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Daria of Rome
Daria of Rome is remembered for her beauty, intellect, chastity, and faithful witness. She lived in the second half of the third century. Her story is tightly woven with that of her husband - Chrysanthus. Chrysanthus and his father, a senator named Polemius, moved from Alexandria to Rome. There, Chrysanthus converted to Christianity after reading the Acts of the Apostles. Distressed at his son's rejection of Roman gods, he arranged for Chrysanthus to meet Daria, hoping that marriage would dissuade him from his newfound beliefs.
Daria was a Vestal Virgin known for her remarkable beauty and keen intellect. Upon meeting, Chrysanthus and Daria conversed about pagan gods, Jesus Christ, and the One True God. Daria was convinced of the validity of Christ and was baptized by Chrysanthus in his home. The two agreed to enter into a celibate marriage. Daria and Chrystanthus both publicly preached Christianity and the virtue of virginity. Innumerable women came to Daria's home to learn from her. Many converted to Christianity and adopted a celibate lifestyle. There was a public outcry as men claimed they were losing their wives because of Daria and her teachings. This outrage drew the attention of the urban prefect, Celerinus, who had the couple arrested. While Chrysanthus was imprisoned and tortured, Daria was sent to a house of ill repute. Legend holds that an escaped lion appeared in her room and protected her from the advance of men. Daria commanded the lion not to hurt anyone. She continued to share Christ and bring many to faith.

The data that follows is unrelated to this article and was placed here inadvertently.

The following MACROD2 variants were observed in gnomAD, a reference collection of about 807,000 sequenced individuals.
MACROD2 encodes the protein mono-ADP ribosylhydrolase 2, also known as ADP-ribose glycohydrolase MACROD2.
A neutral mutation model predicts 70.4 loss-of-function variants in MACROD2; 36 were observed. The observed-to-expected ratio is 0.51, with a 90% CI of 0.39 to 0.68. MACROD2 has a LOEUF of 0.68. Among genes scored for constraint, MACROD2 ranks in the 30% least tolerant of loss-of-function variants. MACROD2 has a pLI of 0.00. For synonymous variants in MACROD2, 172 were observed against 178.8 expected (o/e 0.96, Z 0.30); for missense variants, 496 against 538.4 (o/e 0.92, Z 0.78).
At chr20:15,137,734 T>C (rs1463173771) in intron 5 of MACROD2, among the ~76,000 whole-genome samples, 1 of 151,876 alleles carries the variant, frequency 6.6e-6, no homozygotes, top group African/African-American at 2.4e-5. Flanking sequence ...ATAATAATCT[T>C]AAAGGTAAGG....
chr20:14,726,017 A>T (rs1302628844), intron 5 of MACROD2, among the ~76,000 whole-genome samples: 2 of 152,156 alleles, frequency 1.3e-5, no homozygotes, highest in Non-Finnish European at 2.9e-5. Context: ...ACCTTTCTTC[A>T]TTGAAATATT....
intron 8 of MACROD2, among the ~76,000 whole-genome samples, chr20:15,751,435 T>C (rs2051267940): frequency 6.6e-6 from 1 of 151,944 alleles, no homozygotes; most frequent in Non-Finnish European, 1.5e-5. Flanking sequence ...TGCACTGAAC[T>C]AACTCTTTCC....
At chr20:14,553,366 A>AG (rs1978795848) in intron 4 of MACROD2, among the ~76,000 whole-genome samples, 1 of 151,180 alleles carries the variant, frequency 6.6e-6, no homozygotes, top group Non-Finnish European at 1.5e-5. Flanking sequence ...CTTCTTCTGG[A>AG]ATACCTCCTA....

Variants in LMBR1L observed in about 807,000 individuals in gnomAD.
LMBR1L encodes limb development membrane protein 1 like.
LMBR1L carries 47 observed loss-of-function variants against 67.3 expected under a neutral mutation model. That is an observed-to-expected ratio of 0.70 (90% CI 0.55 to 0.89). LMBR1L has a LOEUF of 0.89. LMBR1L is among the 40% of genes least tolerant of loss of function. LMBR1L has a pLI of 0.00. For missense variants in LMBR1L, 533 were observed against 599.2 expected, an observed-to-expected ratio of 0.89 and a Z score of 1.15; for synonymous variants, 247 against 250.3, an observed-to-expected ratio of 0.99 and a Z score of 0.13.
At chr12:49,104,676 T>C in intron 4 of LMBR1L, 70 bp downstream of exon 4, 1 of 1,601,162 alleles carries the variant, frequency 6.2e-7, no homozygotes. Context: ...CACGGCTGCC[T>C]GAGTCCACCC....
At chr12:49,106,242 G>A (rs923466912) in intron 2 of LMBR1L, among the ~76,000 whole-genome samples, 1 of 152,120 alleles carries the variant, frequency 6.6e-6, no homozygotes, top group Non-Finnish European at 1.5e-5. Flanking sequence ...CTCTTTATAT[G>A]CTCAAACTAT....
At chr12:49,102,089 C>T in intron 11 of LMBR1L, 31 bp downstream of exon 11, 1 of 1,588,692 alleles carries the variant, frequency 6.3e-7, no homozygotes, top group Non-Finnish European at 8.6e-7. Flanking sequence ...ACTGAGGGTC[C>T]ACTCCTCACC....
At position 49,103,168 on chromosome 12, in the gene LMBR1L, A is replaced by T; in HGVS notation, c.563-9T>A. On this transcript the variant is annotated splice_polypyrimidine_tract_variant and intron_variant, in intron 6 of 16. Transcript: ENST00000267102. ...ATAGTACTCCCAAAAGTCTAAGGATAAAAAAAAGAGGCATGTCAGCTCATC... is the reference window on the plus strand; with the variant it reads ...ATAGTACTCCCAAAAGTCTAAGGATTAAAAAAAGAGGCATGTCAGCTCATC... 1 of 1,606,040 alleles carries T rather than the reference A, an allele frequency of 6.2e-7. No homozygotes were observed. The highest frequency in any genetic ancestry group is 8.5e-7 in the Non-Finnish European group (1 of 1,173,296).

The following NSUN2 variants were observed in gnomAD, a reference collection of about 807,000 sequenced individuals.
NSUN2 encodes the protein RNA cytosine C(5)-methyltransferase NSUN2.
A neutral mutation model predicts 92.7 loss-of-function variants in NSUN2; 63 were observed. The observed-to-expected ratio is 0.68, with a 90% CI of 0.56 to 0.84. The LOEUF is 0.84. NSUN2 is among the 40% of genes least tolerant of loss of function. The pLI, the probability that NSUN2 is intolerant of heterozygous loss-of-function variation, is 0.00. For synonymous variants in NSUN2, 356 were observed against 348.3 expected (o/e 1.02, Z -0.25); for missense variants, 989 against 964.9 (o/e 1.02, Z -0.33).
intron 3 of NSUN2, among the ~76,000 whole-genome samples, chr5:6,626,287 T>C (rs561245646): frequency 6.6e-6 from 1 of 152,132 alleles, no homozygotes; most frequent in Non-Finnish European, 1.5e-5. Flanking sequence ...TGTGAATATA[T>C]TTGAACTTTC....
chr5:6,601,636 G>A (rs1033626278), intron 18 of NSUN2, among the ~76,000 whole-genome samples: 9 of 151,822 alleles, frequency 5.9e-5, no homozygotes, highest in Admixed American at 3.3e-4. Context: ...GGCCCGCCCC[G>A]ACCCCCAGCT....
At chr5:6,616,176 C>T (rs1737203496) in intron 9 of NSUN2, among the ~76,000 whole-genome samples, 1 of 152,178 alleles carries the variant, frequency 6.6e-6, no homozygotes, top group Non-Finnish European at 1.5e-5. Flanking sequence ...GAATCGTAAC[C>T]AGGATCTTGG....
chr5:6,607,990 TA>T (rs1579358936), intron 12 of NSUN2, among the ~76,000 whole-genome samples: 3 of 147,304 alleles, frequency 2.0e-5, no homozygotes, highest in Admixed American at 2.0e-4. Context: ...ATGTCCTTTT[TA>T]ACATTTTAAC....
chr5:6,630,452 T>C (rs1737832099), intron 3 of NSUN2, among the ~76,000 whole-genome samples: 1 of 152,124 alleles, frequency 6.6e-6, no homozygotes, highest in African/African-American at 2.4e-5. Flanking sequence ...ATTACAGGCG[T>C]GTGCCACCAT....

Since neither Chrysanthus' torture nor Daria's imprisonment at the brothel brought about the reform civic leaders desired, emperor Numerian ordered their death. The young couple was brought to an arenarium (underground cavern or pit) along the Via Salaria. Laying together, they were buried alive under dirt and stone. On the first anniversary of their death, many believers gathered at their burial place to worship. Authorities trapped the believers in the cave, killing them all. Artistic and written documentation of the couple can be found from the fifth century, including The Martyrdom of Chrysanthus and Daria (6th century), Glory of the Martyrs (6th century), The Two Lovers of Heaven: Chrysanthus and Daria A Drama of Early Christian Rome (16th century). Today the couple is remembered on March 19 in the Eastern Orthodox Church and October 25 in the Roman Catholic Church.
Kirsch, J. P. “Chrysanthus and Daria, Saints Roman Martyrs.” Catholic Online. https://www.catholic.org/encyclopedia/.
Lapidge, M. The Roman Martyrs: Introduction, Translations, and Commentary. Oxford: Oxford University Press, 2018.
Pignot, Matthieu. "Martyrdom of Chrysanthus and Daria," E02487. Last modified July 21, 2017, http://csla.history.ox.ac.uk/record.php?recid=E02487.
Marchetti, Guido. Women in the Mosaics of Ravenna. Ravenna, Italy: Opera di Religione della Diocesi di Ravenna, 2015.
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